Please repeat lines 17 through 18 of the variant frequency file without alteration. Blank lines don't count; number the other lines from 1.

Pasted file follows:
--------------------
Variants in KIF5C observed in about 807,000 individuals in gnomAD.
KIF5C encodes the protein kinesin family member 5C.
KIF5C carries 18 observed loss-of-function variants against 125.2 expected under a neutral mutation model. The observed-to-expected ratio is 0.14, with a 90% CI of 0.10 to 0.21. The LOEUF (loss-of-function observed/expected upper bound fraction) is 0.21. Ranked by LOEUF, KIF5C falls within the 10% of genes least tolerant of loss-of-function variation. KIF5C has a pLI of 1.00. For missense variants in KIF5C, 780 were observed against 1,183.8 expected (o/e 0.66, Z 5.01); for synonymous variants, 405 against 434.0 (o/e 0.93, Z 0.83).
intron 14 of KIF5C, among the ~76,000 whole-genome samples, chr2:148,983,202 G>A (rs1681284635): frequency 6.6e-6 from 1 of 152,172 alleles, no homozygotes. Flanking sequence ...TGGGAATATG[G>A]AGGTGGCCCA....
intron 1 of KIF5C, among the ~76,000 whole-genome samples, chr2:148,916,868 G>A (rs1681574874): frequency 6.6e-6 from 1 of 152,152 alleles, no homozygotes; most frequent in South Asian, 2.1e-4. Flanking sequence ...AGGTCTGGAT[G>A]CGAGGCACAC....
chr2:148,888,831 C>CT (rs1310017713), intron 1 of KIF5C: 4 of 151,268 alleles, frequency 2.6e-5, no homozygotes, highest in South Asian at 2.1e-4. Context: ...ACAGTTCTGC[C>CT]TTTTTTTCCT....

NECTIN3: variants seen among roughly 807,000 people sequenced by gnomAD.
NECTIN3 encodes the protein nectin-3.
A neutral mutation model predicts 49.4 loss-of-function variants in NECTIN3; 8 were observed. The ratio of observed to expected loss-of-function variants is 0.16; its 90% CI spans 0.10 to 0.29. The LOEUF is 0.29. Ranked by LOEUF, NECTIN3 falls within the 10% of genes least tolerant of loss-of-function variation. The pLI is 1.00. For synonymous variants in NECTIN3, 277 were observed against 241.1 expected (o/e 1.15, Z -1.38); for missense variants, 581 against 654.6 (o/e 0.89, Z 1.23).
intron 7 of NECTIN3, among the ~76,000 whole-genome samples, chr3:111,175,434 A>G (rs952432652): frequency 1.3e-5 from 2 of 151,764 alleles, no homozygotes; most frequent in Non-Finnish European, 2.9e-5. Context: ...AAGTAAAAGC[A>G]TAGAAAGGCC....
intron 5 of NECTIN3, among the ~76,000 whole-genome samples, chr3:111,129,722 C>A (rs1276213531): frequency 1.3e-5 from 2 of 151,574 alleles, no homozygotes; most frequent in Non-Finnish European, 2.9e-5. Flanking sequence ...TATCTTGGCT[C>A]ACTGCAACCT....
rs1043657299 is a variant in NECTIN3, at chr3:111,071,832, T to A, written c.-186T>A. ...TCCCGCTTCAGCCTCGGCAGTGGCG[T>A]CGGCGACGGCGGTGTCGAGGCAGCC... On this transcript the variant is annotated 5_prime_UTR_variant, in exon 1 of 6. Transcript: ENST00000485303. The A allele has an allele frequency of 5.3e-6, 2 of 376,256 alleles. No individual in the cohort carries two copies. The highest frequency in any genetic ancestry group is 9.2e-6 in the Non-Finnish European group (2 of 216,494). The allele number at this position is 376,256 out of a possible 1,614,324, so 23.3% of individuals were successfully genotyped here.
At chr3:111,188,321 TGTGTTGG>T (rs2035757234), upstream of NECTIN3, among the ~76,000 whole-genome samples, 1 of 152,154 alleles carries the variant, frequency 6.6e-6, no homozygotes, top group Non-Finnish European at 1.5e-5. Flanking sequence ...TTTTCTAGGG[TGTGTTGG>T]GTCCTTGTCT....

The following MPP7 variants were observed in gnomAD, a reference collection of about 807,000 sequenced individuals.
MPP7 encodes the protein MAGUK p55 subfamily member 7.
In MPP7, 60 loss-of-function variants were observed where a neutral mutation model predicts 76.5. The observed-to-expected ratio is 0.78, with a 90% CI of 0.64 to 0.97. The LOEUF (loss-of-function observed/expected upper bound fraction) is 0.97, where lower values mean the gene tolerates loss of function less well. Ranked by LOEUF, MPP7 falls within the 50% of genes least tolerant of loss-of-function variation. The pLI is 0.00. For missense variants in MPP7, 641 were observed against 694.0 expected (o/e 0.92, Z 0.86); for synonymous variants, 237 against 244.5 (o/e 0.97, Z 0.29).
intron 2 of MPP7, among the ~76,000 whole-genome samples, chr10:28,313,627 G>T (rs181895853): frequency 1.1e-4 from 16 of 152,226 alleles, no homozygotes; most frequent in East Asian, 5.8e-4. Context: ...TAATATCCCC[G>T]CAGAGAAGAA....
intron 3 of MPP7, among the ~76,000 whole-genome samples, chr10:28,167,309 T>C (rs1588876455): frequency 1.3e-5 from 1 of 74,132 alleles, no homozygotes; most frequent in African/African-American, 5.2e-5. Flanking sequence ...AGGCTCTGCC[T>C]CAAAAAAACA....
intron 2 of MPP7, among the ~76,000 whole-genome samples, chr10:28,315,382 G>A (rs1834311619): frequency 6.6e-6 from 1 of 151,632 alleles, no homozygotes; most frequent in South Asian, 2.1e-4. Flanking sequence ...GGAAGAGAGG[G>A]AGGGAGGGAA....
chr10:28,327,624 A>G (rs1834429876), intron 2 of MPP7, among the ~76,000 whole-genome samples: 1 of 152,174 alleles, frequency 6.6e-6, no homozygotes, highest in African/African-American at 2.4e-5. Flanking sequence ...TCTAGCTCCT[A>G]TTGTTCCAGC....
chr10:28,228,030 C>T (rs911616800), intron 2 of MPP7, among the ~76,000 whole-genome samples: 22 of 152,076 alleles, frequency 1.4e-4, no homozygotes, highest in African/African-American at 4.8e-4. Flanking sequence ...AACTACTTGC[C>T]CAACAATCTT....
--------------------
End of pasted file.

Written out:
intron 2 of MPP7, among the ~76,000 whole-genome samples, chr10:28,313,627 G>T (rs181895853): frequency 1.1e-4 from 16 of 152,226 alleles, no homozygotes; most frequent in East Asian, 5.8e-4. Context: ...TAATATCCCC[G>T]CAGAGAAGAA....
intron 3 of MPP7, among the ~76,000 whole-genome samples, chr10:28,167,309 T>C (rs1588876455): frequency 1.3e-5 from 1 of 74,132 alleles, no homozygotes; most frequent in African/African-American, 5.2e-5. Flanking sequence ...AGGCTCTGCC[T>C]CAAAAAAACA....